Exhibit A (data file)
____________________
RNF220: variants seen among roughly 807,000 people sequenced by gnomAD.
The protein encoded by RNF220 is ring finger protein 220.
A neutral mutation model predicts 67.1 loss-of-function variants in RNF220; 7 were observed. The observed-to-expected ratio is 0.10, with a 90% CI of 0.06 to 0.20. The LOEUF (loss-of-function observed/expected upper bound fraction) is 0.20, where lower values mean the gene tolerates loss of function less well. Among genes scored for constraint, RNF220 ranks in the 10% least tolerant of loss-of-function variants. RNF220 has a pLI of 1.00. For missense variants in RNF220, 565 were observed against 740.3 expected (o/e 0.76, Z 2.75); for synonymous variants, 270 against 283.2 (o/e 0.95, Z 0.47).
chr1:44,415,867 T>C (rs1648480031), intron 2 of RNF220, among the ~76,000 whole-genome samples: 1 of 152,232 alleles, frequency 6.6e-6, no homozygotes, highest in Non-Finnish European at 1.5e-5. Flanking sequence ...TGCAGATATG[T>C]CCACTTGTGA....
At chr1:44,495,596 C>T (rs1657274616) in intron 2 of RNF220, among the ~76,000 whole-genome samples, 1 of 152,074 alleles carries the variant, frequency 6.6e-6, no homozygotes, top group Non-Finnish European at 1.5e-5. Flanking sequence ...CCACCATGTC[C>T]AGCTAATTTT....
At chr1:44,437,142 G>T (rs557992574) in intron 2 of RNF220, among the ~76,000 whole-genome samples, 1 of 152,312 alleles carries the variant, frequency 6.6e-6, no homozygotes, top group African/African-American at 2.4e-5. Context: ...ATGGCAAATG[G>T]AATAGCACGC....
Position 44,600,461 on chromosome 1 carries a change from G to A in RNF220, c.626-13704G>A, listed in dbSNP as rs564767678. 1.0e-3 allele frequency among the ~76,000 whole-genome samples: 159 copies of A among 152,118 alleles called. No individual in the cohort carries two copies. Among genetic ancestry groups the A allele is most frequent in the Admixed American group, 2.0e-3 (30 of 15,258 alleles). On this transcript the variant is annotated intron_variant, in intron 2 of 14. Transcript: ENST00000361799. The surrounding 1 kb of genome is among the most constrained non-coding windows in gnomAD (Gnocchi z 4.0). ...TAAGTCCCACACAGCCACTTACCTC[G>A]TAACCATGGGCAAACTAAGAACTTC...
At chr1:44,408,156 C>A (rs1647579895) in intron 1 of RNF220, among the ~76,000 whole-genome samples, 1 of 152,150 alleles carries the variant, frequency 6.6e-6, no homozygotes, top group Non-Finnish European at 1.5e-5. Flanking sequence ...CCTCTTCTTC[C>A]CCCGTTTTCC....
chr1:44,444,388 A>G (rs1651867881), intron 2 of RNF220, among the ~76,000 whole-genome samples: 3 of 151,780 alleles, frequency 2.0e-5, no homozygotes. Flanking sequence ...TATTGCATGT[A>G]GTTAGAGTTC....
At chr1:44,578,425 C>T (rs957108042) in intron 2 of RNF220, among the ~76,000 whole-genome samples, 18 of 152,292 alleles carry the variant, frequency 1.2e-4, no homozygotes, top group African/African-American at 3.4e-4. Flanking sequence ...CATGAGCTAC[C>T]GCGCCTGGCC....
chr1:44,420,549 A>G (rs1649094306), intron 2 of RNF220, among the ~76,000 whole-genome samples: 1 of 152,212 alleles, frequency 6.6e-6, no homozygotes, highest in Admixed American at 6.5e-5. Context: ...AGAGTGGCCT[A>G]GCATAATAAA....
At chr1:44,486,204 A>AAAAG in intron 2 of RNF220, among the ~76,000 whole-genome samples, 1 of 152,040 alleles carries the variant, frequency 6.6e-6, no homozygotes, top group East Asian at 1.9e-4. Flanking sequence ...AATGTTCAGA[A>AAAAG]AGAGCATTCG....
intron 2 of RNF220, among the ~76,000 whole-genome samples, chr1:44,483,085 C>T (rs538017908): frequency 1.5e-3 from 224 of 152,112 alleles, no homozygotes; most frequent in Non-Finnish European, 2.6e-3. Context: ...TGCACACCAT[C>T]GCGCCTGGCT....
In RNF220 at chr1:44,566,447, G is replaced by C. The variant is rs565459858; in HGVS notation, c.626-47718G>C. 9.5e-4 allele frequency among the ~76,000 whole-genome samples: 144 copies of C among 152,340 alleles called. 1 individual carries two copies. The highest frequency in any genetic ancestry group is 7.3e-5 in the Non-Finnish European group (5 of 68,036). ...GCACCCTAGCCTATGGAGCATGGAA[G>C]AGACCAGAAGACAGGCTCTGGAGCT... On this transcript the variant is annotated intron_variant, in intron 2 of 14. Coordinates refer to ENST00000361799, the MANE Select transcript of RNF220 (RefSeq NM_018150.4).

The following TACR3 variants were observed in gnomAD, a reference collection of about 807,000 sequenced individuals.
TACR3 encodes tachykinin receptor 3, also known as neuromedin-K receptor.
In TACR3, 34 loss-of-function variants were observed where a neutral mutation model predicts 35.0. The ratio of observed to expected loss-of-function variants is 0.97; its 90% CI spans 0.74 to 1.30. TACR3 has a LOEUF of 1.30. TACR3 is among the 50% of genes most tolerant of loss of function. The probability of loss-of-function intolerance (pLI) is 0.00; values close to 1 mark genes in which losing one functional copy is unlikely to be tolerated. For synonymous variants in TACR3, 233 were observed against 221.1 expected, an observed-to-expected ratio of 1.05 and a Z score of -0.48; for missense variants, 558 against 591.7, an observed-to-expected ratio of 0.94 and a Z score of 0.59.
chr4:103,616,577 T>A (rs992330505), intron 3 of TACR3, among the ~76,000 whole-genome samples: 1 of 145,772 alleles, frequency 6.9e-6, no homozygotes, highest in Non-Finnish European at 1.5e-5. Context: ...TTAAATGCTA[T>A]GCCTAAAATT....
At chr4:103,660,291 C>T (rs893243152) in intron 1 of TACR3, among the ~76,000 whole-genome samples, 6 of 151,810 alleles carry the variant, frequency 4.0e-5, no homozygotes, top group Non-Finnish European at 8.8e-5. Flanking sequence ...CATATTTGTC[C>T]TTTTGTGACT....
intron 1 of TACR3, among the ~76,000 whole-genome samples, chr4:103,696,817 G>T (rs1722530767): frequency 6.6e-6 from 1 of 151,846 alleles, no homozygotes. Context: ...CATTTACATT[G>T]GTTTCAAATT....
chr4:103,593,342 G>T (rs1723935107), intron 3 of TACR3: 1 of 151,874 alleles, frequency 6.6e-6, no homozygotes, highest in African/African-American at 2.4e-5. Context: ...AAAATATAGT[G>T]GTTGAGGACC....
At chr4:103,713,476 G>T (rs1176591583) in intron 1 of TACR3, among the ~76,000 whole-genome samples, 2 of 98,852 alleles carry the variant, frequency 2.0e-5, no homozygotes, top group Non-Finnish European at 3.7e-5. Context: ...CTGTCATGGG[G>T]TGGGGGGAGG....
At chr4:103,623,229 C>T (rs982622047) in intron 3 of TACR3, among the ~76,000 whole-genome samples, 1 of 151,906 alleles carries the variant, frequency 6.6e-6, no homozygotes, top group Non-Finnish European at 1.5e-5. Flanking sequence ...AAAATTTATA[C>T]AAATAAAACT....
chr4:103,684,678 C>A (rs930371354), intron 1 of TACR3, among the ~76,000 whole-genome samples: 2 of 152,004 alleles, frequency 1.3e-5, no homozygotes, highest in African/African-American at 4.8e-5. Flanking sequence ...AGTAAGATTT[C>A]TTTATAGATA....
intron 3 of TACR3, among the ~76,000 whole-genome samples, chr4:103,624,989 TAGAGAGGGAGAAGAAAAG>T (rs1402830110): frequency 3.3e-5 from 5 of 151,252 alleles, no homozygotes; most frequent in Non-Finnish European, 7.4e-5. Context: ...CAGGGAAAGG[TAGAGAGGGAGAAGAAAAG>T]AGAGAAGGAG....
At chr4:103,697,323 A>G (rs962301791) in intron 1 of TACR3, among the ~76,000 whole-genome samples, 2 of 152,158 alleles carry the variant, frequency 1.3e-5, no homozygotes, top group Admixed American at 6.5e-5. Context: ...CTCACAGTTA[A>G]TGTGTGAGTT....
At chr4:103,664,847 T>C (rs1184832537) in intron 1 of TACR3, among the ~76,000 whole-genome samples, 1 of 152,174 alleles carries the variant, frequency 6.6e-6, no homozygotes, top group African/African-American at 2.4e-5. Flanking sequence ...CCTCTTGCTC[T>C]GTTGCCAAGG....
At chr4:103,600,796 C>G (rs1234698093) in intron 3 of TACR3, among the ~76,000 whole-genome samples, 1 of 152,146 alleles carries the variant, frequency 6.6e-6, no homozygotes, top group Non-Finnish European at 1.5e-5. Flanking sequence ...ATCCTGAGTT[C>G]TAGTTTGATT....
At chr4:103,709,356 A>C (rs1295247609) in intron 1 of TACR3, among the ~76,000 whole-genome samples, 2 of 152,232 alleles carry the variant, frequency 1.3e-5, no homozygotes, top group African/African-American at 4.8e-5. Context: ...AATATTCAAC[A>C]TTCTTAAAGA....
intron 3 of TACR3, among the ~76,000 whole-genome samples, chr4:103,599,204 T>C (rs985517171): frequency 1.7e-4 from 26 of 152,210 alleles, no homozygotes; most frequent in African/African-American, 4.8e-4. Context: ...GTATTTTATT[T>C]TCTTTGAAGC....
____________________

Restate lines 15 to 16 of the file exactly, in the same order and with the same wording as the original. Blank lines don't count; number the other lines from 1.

The following TACR3 variants were observed in gnomAD, a reference collection of about 807,000 sequenced individuals.
TACR3 encodes tachykinin receptor 3, also known as neuromedin-K receptor.